Team Organization 

How a delivery team is organized impacts multiple aspects, and the ultimate success, of any strategy meant to provide deliverables according to a given timeline. This presents a unique challenge within the QA space as we frequently find ourselves having to align with timelines that are set based on business goals. These timelines are then further constrained based on the ability of development teams to deliver with enough lead time for the proper depth and scope of testing to guarantee the highest level of quality. In order to meet these timelines within the aforementioned constraints automation of regression tests becomes critical. An ability to execute regression testing at will and on a set schedule allows for better functional coverage and for manual testing efforts to be focused on new feature sets.

The question frequently asked when considering automated testing is, ‘How does the addition of automated testing and its associated resources change the composition of a QA Team and how does it impact the ability of that team to deliver?’

 

Approaches

Below are three approaches to team organization that answer that question by providing any assumptions made and the conceptual description of the approach. Each approach builds on the previous and utilizes the same phased implementation pattern detailed after this section under ‘Implementation’.

 

Bolt-on

Assumptions

  • Manual testing resources exist and are integrated into the development team and their cadence.

 

Concept

The bolt-on approach is exactly what the name implies. We are creating a separate set of resources and processes outside of the existing integrated QA/Development team and ‘bolting’ them on in order to design, implement and maintain an automated testing solution. This can be a temporary or permanent group depending on the strategic goals of the organization and is further explained in the ‘Implementation’ section.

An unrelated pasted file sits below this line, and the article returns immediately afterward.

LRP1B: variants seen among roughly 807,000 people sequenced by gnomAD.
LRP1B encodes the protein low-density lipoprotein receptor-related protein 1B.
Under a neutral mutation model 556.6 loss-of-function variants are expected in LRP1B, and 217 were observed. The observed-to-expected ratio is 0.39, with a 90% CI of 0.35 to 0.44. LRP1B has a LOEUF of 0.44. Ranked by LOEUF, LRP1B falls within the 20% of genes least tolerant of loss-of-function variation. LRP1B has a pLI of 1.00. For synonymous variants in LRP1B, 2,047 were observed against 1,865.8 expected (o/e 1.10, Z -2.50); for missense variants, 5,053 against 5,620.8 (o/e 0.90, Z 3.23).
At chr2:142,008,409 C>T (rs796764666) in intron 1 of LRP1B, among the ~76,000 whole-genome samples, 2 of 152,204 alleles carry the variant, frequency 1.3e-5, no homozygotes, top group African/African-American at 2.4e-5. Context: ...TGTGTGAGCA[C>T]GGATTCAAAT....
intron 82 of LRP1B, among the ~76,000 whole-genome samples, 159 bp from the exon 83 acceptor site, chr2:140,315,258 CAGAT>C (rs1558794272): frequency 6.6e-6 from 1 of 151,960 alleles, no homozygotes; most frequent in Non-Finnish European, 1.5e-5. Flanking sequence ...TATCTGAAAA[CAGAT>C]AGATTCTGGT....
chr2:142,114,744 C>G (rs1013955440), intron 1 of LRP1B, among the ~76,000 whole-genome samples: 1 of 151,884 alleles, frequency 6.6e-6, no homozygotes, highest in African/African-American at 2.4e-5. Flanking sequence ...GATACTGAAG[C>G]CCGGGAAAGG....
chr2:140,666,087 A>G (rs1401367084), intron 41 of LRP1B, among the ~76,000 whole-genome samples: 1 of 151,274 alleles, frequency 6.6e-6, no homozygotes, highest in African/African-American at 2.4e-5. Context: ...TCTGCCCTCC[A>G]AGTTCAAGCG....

Augment

Assumptions

  • Manual testing resources exist and are integrated into the development team and their cadence.
  • Manual testing resources are lean and having floating resources that can assist at times would be beneficial

 

Concept

Augment expands on the ‘Bolt-On’ approach by creating a separate set of resources and processes outside of the existing integrated QA/Development team and ‘bolting’ them on in order to design, implement and maintain the automated testing solutions. Once the automation group is established and their cadence is set, cross-training of automation group and manual testing resources can begin. The cross training and task sharing are central to the ‘Augment’ approach, this allows for knowledge transfer and the ability to ramp teams up and down to meet periodic needs for increased velocity.

 

Shared Service

Assumptions

  • Multiple applications exist, each with its own dedicated team of manual testers
  • Manual testing resources exist and are integrated into the development team and their cadence.

 

Concept

Shared Service is similar to ‘Bolt-On’ in that we are still creating a separate set of resources and processes outside of the existing integrated QA/Development team and ‘bolting’ them on in order to design, implement and maintain an automated testing solution. The difference, in this case, is that instead of a single application being targeted, we are targeting multiple applications across an organization and treating automation as a service that can be deployed in a more strategic manner as new applications are brought online. Additionally, a centralized set of resources dedicated to automated testing can be used to inform the design and implementation processes in order to make applications more testable as well as assisting groups such as Information Security and Network Infrastructure teams to develop automated testing and monitoring tools to support areas outside traditional QA roles. Beyond utilizing automated testing in non-traditional roles we can further embed the automation group and provide value at an organizational level by integrating the cross-training of resources from the ‘Augment’ approach.

 

Implementation

Implementing the bolt-on approach involves three phases with the third being different depending on whether the automation group is part of a permanent solution or part of a temporary solution.

 

Phase 1: Discovery

Phase 1 involves meetings with the existing manual testing team, project managers or scrum masters and other team level stakeholders to identify the following:

  • Any test plans that currently exist
    • Ideally, there should be, at minimum, a manual regression test plan